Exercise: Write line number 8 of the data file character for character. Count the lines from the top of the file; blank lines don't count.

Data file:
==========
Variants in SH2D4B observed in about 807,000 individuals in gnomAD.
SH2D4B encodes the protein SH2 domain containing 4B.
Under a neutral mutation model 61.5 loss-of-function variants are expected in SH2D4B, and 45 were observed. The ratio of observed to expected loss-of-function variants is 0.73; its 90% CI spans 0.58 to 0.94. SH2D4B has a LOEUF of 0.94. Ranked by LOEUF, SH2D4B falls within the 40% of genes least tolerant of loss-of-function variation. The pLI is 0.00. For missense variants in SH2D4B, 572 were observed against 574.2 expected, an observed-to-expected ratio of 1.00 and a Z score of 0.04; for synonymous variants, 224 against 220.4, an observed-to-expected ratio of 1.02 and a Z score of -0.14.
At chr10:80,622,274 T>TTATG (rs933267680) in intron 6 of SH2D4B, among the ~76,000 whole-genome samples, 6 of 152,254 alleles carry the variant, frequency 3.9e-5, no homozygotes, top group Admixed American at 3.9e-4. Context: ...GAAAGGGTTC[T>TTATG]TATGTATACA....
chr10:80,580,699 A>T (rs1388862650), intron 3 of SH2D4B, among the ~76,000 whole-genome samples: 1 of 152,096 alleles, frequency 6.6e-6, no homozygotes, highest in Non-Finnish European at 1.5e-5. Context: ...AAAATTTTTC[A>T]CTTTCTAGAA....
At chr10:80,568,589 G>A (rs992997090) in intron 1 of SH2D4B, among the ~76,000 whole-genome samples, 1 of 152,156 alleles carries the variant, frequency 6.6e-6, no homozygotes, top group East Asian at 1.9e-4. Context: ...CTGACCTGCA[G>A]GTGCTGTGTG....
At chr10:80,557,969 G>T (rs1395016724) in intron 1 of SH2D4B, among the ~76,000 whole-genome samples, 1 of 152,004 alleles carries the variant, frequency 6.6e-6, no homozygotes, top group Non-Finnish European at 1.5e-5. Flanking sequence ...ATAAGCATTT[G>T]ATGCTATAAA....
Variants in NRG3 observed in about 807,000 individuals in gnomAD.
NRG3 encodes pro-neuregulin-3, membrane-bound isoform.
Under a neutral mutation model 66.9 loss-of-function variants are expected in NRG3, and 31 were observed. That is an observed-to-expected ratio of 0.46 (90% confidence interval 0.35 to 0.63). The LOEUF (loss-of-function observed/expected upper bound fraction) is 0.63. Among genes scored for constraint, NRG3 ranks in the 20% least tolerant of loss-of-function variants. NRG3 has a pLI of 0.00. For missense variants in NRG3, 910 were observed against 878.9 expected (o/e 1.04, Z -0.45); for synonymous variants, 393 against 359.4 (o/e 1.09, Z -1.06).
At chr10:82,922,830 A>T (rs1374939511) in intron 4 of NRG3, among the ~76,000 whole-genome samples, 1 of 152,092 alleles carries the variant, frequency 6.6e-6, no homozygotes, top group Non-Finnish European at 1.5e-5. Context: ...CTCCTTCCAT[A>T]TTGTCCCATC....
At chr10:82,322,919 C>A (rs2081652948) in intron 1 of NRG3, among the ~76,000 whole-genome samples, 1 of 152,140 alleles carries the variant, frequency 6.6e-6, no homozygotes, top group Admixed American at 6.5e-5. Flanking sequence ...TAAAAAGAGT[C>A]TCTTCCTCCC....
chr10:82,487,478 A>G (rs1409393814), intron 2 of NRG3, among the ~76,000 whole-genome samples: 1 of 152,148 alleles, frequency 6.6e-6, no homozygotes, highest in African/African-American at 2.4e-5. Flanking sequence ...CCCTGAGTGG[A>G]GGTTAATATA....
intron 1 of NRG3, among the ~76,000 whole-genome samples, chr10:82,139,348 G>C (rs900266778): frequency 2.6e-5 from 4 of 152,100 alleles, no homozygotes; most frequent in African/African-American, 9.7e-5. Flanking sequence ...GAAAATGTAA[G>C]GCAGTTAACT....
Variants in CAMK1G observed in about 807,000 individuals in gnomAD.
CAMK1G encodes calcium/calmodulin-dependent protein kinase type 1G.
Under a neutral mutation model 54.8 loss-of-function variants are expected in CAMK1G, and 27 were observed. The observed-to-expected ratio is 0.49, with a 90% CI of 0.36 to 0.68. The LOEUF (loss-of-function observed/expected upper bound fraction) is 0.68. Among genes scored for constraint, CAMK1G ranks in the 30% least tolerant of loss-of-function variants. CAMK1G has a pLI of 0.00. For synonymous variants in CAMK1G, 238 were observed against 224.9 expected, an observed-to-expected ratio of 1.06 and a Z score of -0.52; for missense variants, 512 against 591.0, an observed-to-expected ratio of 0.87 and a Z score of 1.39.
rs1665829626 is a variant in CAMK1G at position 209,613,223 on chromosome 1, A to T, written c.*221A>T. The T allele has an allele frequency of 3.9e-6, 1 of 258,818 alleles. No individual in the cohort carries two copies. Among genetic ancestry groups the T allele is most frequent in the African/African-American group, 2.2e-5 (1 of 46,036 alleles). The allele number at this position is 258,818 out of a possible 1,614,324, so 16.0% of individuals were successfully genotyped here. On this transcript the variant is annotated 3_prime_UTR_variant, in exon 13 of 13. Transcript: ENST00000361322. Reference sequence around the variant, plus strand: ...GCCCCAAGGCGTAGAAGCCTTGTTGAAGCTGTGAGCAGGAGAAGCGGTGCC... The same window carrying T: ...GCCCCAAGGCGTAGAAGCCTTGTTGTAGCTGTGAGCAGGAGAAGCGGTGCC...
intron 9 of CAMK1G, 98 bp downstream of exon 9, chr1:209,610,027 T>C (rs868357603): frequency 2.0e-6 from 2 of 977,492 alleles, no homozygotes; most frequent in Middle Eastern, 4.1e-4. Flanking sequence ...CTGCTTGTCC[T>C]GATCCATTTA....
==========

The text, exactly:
Variants in NRG3 observed in about 807,000 individuals in gnomAD.